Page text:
Q&A: Dealing with a Disruptive Tenant

Q. I have written several complaint letters to the board and the managing agent regarding a noisy neighbor. They did send a letter to the shareholders about a year ago, but the problem persists, and although I continue to write letters, nothing is being done. What is my recourse? Do I file against the board for not acting on my behalf? Thank you in advance for your response to this. It really affects quality of life.

                                      —Seeking Quiet

A. “If you are in a co-op, which you do not specify, the answer is controlled by the stockholders proprietary lease for the corporation and the rules and regs,” says Chicago attorney Sima L. Kirsch of the Law Firm of Sima L. Kirsch, P.C. ”Without the ability to review these documents it is difficult to say whether the board needs to see the incident through to the end or if the one letter fulfills the board’s obligation. The answer is not based on a general concept but specific provisions in the governing documents. The same is true for a condo or HOA: the answer lies in their governing documents. If this neighbor is making noise before or after the permissible noise hours set by your city/village/township and if you can’t get board involvement, you can call the police.”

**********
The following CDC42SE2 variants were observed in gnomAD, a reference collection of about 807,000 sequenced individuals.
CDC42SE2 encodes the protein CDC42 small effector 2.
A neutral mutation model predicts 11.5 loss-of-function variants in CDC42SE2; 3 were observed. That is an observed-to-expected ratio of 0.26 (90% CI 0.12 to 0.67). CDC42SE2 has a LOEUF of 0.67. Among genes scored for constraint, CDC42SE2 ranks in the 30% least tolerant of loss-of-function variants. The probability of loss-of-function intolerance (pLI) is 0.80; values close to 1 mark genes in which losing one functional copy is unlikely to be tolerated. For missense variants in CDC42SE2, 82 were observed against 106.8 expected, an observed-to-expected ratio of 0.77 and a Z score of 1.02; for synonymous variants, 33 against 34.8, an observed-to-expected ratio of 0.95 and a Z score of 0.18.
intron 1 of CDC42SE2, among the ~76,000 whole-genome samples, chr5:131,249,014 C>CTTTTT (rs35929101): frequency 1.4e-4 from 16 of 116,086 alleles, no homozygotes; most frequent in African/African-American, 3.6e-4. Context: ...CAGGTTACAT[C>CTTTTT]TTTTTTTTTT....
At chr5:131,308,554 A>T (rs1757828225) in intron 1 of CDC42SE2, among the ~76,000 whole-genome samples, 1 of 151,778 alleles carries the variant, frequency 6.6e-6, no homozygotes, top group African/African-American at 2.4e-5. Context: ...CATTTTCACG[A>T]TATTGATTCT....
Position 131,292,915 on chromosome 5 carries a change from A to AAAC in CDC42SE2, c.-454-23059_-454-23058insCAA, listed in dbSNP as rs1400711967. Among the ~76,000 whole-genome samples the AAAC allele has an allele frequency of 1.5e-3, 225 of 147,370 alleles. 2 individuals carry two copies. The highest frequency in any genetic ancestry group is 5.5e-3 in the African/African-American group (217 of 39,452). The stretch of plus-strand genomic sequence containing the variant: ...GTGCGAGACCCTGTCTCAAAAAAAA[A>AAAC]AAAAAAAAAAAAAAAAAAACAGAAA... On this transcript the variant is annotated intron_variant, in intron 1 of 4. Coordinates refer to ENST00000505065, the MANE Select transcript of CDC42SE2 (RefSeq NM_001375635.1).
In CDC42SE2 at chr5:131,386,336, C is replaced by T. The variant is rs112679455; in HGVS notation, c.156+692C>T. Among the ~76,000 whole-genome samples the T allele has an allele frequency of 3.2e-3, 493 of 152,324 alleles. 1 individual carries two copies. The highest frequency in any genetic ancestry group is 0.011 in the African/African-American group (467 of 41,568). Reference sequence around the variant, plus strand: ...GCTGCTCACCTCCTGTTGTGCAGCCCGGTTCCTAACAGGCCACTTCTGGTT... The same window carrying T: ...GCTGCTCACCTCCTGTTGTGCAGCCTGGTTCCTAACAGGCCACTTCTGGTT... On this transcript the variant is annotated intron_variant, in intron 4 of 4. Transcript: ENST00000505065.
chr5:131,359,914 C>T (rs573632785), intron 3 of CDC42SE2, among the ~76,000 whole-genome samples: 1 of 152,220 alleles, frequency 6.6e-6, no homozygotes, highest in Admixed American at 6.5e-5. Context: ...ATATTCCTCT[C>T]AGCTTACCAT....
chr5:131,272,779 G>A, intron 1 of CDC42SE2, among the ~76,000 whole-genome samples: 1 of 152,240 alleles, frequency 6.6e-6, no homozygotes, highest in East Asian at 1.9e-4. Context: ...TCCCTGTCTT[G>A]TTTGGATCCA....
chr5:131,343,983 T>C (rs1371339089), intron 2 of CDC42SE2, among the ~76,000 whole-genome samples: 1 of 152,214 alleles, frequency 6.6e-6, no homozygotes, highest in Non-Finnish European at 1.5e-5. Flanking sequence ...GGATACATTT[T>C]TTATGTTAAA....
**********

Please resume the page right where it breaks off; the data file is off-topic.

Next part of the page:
Related Articles

Handling Harassment

When Trash Talk Turns to Transgression

Removing a Condominium Owner

Navigating a Delicate Legal Process

Removing a Condominium Owner

A Complex Legal Process

What's the Toughest Problem Facing Your Board?

Three Perspectives

Living by the Rules

Making—and Enforcing—House Rules

Managing Mental Health Issues

Addressing Residents With Sensitivity